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Stroke in children with cardiac disease: Report from the international pediatric stroke study group symposium

  • Author(s): Sinclair, AJ
  • Fox, CK
  • Ichord, RN
  • Almond, CS
  • Bernard, TJ
  • Beslow, LA
  • Chan, AKC
  • Cheung, M
  • Deveber, G
  • Dowling, MM
  • Friedman, N
  • Giglia, TM
  • Guilliams, KP
  • Humpl, T
  • Licht, DJ
  • Mackay, MT
  • Jordan, LC
  • et al.

Published Web Location

https://www.ncbi.nlm.nih.gov/pmc/articles/PMC4936915/
No data is associated with this publication.
Abstract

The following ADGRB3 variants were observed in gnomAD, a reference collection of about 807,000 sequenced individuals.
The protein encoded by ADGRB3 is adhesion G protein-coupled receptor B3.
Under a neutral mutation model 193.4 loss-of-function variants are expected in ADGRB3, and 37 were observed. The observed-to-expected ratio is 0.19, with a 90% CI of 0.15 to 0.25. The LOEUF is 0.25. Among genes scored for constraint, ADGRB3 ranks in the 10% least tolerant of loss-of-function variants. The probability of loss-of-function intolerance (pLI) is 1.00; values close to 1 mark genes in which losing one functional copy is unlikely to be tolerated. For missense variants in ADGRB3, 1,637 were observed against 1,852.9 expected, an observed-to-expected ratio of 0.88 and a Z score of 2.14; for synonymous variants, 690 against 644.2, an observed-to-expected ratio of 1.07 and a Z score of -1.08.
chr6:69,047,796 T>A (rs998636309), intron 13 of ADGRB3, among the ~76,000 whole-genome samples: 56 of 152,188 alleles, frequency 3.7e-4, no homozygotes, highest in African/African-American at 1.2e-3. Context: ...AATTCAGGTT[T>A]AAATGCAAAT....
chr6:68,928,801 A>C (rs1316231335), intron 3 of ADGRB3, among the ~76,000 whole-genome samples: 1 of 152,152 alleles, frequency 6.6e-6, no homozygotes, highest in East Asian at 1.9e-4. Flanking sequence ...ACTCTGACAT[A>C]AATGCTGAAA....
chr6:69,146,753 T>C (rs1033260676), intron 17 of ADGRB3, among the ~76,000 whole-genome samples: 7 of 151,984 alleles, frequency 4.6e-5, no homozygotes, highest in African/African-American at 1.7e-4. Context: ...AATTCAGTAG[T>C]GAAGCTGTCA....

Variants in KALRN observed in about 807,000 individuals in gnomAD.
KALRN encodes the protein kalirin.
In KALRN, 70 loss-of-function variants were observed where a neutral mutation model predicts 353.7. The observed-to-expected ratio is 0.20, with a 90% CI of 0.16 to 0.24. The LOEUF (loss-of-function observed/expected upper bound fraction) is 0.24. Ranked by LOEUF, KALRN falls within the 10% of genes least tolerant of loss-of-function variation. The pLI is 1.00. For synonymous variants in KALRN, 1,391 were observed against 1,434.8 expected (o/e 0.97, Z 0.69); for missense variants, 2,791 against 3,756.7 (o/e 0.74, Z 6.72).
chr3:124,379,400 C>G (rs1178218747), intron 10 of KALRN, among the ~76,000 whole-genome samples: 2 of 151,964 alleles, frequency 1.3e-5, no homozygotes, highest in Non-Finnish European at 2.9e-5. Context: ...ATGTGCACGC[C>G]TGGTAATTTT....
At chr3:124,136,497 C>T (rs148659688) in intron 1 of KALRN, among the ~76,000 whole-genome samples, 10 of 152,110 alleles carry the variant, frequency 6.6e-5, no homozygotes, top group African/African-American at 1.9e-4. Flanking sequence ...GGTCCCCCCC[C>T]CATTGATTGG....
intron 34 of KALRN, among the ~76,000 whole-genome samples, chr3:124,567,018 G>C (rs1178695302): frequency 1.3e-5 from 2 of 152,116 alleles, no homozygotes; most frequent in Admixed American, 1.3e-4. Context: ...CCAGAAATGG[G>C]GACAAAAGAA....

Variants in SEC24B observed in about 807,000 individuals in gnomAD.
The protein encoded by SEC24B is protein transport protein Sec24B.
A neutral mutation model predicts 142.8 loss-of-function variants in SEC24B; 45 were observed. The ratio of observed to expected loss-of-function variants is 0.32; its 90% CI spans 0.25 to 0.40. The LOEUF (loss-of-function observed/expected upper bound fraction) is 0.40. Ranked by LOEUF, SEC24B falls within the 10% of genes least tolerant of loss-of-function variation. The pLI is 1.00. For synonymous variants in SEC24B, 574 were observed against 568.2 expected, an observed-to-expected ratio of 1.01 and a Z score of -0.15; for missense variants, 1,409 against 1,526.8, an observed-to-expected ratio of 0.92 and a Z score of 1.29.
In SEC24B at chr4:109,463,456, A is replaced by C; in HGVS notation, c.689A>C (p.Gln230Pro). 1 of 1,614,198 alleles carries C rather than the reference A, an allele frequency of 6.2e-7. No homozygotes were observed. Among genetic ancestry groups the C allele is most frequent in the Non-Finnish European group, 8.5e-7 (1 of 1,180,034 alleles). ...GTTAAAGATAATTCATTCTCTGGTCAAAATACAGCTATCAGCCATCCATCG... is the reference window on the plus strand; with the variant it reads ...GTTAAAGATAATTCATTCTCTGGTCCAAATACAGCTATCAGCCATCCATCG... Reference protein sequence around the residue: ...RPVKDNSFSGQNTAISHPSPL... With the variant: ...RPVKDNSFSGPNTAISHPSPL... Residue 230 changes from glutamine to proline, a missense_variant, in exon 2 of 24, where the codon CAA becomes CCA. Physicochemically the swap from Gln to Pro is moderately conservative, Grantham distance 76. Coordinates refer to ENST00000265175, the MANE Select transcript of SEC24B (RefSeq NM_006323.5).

© 2015 Elsevier Inc. All rights reserved. Background Cardiac disease is a leading cause of stroke in children, yet limited data support the current stroke prevention and treatment recommendations. A multidisciplinary panel of clinicians was convened in February 2014 by the International Pediatric Stroke Study group to identify knowledge gaps and prioritize clinical research efforts for children with cardiac disease and stroke. Results Significant knowledge gaps exist, including a lack of data on stroke incidence, predictors, primary and secondary stroke prevention, hyperacute treatment, and outcome in children with cardiac disease. Commonly used diagnostic techniques including brain computed tomography and ultrasound have low rates of stroke detection, and diagnosis is frequently delayed. The challenges of research studies in this population include epidemiologic barriers to research such as small patient numbers, heterogeneity of cardiac disease, and coexistence of multiple risk factors. Based on stroke burden and study feasibility, studies involving mechanical circulatory support, single ventricle patients, early stroke detection strategies, and understanding secondary stroke risk factors and prevention are the highest research priorities over the next 5-10 years. The development of large-scale multicenter and multispecialty collaborative research is a critical next step. The designation of centers of expertise will assist in clinical care and research. Conclusions There is an urgent need for additional research to improve the quality of evidence in guideline recommendations for cardiogenic stroke in children. Although significant barriers to clinical research exist, multicenter and multispecialty collaboration is an important step toward advancing clinical care and research for children with cardiac disease and stroke.

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